There is a continued image problem with bendy buses and this issue is being addressed by the transport operators in a range of ways. First Group is proposing an articulated vehicle using pneumatic tyres on a segregated roadway in towns such as Leeds, Sheffield and York, as a hybrid concept between a bus and tram. It remains to be seen whether this will lead to an increase in public transport usage or simply a transfer from existing modes. However, the infrastructure associated with bus lanes and segregated roadways requires considerably less investment than that of a railway, making proposals more attractive for lower budget projects or those demanding a faster return on investment.
Bigger buses for the future
Overall, bus sizes are increasing to provide greater capacity for similar cost but a cultural change is needed to really benefit from the advantages of road passenger transport. Tramways and light railways offer a solution which appears different but requires huge initial investment for new systems. It will certainly be a long time before we see any new underground rail systems implemented outside London, so guided bus-ways may offer an intermediary answer in the short to medium term. Crucially, they are more attractive to the parties who bear the cost of implementing and operating the services. The task of running the services on time and maintaining customer satisfaction, however, will remain a problem to be addressed whatever the infrastructure.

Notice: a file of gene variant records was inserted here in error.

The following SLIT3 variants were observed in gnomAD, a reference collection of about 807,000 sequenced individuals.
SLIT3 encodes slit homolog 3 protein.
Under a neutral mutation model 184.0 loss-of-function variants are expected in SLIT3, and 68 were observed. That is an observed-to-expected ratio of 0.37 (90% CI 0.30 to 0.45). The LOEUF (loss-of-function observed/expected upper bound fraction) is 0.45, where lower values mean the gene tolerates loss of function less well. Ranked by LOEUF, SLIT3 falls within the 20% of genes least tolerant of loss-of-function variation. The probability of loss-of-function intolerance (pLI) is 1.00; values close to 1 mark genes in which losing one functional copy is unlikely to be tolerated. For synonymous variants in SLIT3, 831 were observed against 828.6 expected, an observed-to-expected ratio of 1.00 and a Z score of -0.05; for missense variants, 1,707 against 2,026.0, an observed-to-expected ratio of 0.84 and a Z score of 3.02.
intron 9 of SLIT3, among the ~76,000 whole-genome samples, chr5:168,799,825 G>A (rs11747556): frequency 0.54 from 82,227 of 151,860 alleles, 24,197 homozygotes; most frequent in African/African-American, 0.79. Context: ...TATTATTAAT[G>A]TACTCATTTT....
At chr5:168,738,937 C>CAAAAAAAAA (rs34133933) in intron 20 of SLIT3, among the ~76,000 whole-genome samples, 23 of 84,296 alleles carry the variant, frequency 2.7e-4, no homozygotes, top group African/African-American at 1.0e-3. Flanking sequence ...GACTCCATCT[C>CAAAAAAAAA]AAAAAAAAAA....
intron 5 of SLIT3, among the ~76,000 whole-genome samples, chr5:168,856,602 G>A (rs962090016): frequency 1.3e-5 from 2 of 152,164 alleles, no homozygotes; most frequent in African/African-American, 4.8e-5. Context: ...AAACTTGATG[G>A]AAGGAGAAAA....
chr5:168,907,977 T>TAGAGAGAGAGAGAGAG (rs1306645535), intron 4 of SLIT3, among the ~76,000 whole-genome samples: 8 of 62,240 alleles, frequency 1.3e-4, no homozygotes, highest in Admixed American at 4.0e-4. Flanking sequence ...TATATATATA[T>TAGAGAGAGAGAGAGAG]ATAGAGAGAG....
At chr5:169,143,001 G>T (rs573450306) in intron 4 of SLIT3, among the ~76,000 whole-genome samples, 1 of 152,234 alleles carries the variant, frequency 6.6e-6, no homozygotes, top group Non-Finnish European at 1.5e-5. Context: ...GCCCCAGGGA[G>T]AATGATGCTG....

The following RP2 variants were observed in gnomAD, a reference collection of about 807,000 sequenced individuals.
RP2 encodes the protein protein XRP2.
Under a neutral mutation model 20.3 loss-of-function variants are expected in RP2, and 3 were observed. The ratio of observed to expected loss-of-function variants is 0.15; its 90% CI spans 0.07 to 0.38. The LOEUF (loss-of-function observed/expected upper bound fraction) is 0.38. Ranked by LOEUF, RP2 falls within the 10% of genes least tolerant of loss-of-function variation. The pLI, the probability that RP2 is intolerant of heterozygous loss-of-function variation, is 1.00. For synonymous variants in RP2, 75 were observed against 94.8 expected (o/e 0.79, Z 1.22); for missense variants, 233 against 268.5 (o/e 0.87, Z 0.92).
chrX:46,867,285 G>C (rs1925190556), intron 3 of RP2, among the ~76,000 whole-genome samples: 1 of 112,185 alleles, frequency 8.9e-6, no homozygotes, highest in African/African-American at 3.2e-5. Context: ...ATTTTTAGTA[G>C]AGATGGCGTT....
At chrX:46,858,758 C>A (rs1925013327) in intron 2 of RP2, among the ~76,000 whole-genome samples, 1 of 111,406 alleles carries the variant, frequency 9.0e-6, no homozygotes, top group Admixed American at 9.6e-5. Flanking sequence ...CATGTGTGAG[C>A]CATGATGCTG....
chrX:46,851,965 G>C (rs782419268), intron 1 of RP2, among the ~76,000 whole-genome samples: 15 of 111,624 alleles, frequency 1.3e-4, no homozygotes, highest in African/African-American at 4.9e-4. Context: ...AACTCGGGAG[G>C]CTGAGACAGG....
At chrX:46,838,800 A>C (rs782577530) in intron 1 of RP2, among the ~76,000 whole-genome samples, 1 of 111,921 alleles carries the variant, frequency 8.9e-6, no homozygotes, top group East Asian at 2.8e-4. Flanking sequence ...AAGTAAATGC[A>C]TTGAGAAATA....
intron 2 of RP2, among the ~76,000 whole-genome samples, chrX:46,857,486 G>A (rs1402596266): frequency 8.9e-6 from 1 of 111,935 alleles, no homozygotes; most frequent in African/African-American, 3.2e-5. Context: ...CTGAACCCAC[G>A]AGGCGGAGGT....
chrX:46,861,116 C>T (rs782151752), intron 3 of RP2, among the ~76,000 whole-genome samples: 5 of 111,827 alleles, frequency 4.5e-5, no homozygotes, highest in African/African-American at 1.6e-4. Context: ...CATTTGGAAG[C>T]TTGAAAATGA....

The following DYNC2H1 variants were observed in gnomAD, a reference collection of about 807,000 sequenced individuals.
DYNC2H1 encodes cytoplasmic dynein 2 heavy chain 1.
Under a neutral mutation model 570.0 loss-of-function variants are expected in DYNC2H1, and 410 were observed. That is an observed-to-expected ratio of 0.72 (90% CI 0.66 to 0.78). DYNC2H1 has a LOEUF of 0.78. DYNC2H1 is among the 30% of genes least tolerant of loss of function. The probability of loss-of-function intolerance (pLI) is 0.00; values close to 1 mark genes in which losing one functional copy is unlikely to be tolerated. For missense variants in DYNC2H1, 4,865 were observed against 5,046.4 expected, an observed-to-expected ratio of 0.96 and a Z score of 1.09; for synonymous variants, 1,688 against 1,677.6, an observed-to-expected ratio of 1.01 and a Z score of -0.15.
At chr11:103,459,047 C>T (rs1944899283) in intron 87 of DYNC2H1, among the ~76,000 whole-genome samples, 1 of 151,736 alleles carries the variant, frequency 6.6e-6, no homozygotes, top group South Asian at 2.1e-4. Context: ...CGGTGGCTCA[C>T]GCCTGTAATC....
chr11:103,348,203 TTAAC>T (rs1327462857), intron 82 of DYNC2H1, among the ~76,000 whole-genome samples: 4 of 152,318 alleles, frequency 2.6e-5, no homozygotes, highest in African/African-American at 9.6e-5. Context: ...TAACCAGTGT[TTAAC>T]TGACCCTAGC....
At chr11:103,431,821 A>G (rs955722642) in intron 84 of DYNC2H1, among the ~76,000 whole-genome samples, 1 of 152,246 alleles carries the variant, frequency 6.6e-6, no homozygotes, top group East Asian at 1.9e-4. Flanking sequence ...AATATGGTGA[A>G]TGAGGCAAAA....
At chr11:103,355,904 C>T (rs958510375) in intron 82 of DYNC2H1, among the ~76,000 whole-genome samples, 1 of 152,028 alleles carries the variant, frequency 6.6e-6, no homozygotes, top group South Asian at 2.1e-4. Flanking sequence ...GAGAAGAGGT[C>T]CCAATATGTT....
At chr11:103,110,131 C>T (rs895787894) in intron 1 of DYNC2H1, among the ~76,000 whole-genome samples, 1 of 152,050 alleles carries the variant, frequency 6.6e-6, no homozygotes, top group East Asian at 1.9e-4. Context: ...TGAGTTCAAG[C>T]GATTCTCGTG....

Biography – John Bickerton
John Bickerton is a final year undergraduate at Bath University studying towards an MEng(Hons) in Automotive Engineering. In 2003 John won an Engineering Leadership Award from The Royal Academy of Engineering. During his time in Bath he has worked as a part-time bus driver for the local operator, First, and was one of the original team of drivers trained to operate the articulated vehicles in Bath when they were introduced. He is now looking to combine his training and experience in the field at graduate level.